Lastly, ReneSola makes the same mistake most industry pundits in the past have made regarding overcapacity. ReneSola’s management entirely discounts price elasticity as well as the fact not all capacity are created equal. Within the industry’s cumulative capacity, production costs can range widely. Just within the crystalline pv space, production costs ranged from near 1.10/watt to over 2.00/watt seen last year. Just as a crude example, there may be 25gw of capacity and only 20gw of demand, but if 7gw of that capacity could not offer competitive pricing, then the overall market would still be undersupplied.

One extreme example of this flawed “overcapacity” logic can be seen in an article released in late 2009. The article predicted the massive inventory glut and overcapacity would cause average selling prices to fall below 1.00/watt in 2010 and potentially reach .50/watt in 2011. Well, not quite: Module asps, even for the lowest cost tier one providers such as Trina Solar (NYSE: TSL), Suntech Power (NYSE: STP) and Yingli Green Energy (NYSE: YGE) averaged over 1.70/watt in 2010 and well above 1.50/watt currently.

While many arguments made by similar pundits sound quite informed and reasonable, it should be quite clear most “experts” who try to follow the solar industry think from a linear one dimensional academic standpoint rather than from a realistic, practical business standpoint. To be fair, because many solar companies are also stocks listed on national markets, opinions may be biased as to present a trading opinion rather than to provide a realistic and objective prospectus on actual businesses within the industry.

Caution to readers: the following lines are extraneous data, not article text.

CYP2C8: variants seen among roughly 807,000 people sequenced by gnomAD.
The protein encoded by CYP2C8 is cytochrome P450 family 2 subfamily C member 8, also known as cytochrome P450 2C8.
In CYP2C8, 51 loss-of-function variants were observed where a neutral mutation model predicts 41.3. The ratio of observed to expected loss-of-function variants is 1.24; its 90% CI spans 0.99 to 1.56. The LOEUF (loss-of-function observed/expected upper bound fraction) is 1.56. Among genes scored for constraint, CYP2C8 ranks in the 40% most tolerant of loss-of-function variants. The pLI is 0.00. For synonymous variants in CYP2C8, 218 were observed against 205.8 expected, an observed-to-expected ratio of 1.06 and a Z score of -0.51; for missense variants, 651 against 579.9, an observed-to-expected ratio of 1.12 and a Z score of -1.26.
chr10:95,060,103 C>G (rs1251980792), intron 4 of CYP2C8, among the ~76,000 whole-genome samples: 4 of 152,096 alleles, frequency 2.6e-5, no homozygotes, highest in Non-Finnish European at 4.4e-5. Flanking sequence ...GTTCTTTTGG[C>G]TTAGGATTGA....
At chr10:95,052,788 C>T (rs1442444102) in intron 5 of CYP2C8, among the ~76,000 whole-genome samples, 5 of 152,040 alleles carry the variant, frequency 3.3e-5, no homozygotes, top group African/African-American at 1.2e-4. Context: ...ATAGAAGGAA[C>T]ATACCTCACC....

Luckily solar analysts today are much more in tune with realistic industry dynamics than their notorious predecessors a few years ago, who often badly misjudged companies as well as the overall industry. In fact for a good portion of ReneSola’s Q1 2011 conference call, analysts continued to debate management to verify if they truly believed such low asp end points were realistic. Many of the points listed above were brought up in the conference call debate, and despite several counter arguments, ReneSola’s management continued to defend its belief that such average selling prices could be realized by the end of 2011. Quite frankly, Auriga’s Mark Bachman’s final comment best summarized the entire debate.

I would say, I would argue with you there that you can quote all the capacity numbers you want but it's not cost effective capacity out there. I have to say I find your comments here quite reckless and I hope you didn't kill the solar market here today.

In an industry already suffering from numerous misconceptions, ReneSola’s comments are unnecessary and out of line. The company already suffers from misguided comments made in past conference calls regarding metrics that should already be known about its own business. For example, management inaccurately guided its inventory costs in 2009, which caused several quarters of earnings misses in the same year.

In conference calls made last year, the company also stated that a good portion of 2011 polysilicon procurement was secured at fixed prices below $50/kg. Yet, despite producing at near capacity at its polysilicon plant in Q1 2011, at costs between $40-45/kg, blended polysilicon costs were $60/kg. This suggests external procurement costs were well above $60/kg.